Children are at risk of dangerous heat-related illnesses when the temperature rises.
Here are some tips to help you and your children beat the heat:
- Children should stay hydrated and drink plenty of water. Avoid sugary, carbonated and caffeinated drinks to reduce risk of dehydration. Tip: Fill water bottles halfway then add ice cubes so water stays cool.
- Families can eat raw fruits and vegetables. These foods help cool the body and keep kids hydrated.
- Keep your food in a safe temperature zone. Use ice packs to keep picnic foods cool, particularly foods that may spoil easily such as dairy, meat or prepared dips.
- Avoid being outdoors at the hottest time of the day.
- Pack sunscreen, sun hats and sunglasses for the whole family.
- Dress for the weather. Dress children in light weight breathable materials. If children are outdoors, they can wear long sleeves to protect themselves from the sun. Spend as much time in the shade as possible.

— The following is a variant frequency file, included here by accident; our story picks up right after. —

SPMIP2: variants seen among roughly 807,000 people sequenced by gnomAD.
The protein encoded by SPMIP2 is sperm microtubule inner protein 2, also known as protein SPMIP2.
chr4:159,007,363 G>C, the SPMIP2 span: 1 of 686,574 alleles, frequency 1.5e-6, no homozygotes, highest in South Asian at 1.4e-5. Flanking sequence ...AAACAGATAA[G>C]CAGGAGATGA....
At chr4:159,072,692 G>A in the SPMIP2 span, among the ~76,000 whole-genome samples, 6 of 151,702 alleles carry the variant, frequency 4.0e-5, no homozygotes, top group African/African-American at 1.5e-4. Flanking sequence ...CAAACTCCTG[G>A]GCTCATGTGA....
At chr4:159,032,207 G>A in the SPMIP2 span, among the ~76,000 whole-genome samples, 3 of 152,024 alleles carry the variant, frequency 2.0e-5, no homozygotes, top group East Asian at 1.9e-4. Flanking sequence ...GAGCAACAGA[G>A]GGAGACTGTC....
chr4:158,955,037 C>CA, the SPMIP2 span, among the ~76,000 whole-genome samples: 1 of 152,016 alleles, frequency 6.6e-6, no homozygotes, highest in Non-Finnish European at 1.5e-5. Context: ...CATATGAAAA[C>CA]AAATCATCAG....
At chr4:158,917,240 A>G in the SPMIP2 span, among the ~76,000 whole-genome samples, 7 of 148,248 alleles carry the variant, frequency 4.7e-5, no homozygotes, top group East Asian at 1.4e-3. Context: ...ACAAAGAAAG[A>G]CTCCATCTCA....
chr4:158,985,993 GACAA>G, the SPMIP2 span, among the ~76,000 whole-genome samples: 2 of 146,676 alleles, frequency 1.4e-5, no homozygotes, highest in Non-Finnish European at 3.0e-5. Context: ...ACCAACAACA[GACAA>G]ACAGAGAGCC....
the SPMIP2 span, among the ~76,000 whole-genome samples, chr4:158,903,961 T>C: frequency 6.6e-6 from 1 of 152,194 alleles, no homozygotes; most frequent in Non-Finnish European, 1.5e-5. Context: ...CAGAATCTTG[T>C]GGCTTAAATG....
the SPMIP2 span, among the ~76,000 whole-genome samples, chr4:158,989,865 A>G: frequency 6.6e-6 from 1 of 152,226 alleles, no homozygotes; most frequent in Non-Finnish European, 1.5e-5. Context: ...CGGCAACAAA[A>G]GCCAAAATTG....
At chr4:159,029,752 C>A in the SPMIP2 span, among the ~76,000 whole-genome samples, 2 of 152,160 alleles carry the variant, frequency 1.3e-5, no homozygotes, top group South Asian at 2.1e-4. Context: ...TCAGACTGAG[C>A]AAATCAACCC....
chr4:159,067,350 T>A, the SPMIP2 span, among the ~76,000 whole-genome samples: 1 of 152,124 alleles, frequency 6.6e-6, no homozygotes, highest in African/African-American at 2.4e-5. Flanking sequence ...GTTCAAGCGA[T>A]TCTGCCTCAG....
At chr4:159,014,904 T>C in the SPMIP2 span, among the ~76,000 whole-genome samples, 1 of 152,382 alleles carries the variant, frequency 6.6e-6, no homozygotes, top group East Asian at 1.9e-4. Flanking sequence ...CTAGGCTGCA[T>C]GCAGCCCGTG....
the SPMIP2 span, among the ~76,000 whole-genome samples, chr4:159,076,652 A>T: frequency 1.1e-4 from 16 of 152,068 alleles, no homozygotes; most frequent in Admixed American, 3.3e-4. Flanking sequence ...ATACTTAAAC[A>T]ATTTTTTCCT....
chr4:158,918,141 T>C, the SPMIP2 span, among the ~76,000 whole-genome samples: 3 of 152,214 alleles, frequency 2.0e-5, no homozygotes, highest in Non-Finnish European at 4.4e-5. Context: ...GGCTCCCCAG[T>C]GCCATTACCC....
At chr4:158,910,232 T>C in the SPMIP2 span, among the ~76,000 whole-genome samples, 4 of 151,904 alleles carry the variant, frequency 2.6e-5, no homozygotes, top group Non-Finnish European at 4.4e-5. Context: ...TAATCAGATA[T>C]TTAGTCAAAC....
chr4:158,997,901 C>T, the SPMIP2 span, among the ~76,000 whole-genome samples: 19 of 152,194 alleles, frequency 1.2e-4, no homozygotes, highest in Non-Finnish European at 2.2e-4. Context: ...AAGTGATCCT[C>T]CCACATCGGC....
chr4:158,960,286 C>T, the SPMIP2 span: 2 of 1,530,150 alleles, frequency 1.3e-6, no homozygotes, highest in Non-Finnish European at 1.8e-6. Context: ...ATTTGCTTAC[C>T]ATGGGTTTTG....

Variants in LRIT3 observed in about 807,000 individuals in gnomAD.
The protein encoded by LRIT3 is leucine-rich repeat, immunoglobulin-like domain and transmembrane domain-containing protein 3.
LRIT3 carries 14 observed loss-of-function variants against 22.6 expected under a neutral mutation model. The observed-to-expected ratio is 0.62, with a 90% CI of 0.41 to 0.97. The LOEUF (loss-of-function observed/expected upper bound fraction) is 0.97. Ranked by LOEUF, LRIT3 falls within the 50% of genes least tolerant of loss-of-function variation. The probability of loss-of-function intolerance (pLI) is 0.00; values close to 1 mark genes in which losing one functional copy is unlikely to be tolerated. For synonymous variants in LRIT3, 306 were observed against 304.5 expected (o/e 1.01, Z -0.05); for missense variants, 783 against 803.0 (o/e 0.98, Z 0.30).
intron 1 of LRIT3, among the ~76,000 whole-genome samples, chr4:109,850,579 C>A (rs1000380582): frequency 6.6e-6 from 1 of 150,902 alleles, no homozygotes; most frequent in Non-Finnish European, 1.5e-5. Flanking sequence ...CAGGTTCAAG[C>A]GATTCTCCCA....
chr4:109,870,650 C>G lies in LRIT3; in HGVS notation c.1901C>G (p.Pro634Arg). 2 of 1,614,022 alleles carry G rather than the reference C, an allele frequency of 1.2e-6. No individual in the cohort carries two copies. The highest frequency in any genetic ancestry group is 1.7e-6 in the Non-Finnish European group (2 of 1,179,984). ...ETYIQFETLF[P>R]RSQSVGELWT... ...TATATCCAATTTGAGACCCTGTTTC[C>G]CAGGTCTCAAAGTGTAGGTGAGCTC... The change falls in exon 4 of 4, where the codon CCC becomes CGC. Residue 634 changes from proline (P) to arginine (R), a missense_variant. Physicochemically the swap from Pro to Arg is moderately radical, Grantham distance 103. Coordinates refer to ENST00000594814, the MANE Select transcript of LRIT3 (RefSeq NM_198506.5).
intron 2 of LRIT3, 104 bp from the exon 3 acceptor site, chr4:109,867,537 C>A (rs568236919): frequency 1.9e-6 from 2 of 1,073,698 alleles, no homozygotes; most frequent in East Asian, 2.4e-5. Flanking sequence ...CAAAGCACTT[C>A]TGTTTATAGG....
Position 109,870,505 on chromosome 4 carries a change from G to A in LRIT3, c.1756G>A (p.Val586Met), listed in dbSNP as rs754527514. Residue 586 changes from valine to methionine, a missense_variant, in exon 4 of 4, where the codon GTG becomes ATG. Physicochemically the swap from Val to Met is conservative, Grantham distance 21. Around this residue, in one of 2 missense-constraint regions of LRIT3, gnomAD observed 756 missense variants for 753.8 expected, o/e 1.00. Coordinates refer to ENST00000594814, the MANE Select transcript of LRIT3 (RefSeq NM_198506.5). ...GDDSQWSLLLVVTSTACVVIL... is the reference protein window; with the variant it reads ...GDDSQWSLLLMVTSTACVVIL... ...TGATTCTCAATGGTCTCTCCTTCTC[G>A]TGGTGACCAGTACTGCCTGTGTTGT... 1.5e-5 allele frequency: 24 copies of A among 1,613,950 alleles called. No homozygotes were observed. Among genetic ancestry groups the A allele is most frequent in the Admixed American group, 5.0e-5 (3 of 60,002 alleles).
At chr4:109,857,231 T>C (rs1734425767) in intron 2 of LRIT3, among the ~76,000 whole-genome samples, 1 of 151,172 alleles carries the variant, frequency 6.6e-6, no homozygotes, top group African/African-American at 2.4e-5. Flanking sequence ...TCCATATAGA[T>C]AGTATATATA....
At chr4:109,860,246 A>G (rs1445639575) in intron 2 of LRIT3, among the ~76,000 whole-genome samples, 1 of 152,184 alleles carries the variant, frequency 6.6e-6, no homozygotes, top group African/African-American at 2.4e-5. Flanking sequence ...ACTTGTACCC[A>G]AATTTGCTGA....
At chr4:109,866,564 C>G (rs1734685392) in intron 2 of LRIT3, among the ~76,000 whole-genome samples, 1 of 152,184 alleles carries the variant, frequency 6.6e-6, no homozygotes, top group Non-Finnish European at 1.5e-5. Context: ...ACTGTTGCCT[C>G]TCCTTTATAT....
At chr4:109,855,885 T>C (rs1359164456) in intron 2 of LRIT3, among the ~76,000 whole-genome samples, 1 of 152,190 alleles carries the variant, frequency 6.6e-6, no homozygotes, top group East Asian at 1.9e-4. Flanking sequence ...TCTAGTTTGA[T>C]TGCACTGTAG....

- Keep long hair tied up or in braids to allow as much air as possible to evaporate sweat.
- Look for splash-pads, waterparks or pools suitable for young children.
- Keep room temperatures down. If you have air conditioning, set it to maintain a comfortable temperature. Use fans to circulate air and keep blinds or curtains closed to reflect out sunshine and keep rooms cool.
- Head to public, air-conditioned spaces, such as a library or community centre for playtime.
- Know the signs and symptoms of heat-related illness so you can identify problems early on and seek help: severe headache, confusion, unsteadiness, loss of thirst, nausea/vomiting, dark urine or no urine, and severe lethargy.
- See your doctor or call 8-1-1 for advice if your child has a severe headache, confusion or unsteadiness. If your child is severely lethargic, go to your closest emergency department or call 9-1-1.